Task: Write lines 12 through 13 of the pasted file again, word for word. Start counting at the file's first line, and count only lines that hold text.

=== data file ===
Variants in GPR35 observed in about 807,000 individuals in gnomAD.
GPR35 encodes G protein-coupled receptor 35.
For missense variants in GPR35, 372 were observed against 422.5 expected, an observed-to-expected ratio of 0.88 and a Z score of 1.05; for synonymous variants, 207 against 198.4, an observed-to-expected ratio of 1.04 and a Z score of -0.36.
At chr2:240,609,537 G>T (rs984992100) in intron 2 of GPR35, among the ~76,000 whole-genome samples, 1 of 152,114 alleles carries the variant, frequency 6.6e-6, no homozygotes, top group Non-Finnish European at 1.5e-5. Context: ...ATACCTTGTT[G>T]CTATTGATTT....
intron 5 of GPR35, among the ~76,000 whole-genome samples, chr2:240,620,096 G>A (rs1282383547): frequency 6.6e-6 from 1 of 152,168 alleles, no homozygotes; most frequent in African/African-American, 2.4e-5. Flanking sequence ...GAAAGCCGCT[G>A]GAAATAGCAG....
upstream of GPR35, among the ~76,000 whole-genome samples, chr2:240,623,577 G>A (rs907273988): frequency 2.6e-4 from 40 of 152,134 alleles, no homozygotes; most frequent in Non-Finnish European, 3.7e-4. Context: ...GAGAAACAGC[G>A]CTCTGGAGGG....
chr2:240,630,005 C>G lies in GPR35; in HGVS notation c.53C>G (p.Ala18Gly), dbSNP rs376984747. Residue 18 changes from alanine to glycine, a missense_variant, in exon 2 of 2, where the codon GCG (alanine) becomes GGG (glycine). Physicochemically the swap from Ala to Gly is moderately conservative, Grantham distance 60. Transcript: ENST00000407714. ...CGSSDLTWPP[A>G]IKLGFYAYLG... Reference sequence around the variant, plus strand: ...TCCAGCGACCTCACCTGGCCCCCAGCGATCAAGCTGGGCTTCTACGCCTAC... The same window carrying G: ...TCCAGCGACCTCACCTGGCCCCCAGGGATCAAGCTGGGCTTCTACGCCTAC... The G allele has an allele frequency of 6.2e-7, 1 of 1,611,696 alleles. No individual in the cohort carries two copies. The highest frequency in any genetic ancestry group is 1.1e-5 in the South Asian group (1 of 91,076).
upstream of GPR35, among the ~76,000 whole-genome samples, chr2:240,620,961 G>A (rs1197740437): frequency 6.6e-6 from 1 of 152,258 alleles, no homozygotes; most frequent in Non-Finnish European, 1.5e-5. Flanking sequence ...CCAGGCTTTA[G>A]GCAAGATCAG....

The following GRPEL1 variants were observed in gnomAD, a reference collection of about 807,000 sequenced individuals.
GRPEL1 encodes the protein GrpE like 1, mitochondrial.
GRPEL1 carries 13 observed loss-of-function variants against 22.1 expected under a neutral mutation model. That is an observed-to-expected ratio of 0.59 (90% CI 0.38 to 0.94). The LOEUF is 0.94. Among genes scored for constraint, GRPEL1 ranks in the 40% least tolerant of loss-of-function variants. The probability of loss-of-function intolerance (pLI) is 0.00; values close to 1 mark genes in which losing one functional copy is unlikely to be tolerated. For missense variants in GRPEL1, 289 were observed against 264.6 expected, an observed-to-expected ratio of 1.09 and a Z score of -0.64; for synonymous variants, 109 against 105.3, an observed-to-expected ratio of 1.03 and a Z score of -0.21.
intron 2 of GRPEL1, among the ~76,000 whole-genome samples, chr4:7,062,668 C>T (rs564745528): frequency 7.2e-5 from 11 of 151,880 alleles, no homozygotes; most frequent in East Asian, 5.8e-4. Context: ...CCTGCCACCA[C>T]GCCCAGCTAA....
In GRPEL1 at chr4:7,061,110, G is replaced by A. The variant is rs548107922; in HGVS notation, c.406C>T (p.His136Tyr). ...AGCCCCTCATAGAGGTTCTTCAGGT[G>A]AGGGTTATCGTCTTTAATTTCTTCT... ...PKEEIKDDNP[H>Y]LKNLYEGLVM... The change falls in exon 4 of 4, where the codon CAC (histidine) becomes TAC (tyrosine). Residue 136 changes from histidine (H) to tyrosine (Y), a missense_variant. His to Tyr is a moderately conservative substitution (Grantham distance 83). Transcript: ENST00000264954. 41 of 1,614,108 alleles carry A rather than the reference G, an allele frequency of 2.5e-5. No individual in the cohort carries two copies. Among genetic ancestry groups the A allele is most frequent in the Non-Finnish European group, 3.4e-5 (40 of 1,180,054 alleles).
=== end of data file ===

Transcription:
intron 2 of GRPEL1, among the ~76,000 whole-genome samples, chr4:7,062,668 C>T (rs564745528): frequency 7.2e-5 from 11 of 151,880 alleles, no homozygotes; most frequent in East Asian, 5.8e-4. Context: ...CCTGCCACCA[C>T]GCCCAGCTAA....
In GRPEL1 at chr4:7,061,110, G is replaced by A. The variant is rs548107922; in HGVS notation, c.406C>T (p.His136Tyr). ...AGCCCCTCATAGAGGTTCTTCAGGT[G>A]AGGGTTATCGTCTTTAATTTCTTCT... ...PKEEIKDDNP[H>Y]LKNLYEGLVM... The change falls in exon 4 of 4, where the codon CAC (histidine) becomes TAC (tyrosine). Residue 136 changes from histidine (H) to tyrosine (Y), a missense_variant. His to Tyr is a moderately conservative substitution (Grantham distance 83). Transcript: ENST00000264954. 41 of 1,614,108 alleles carry A rather than the reference G, an allele frequency of 2.5e-5. No individual in the cohort carries two copies. Among genetic ancestry groups the A allele is most frequent in the Non-Finnish European group, 3.4e-5 (40 of 1,180,054 alleles).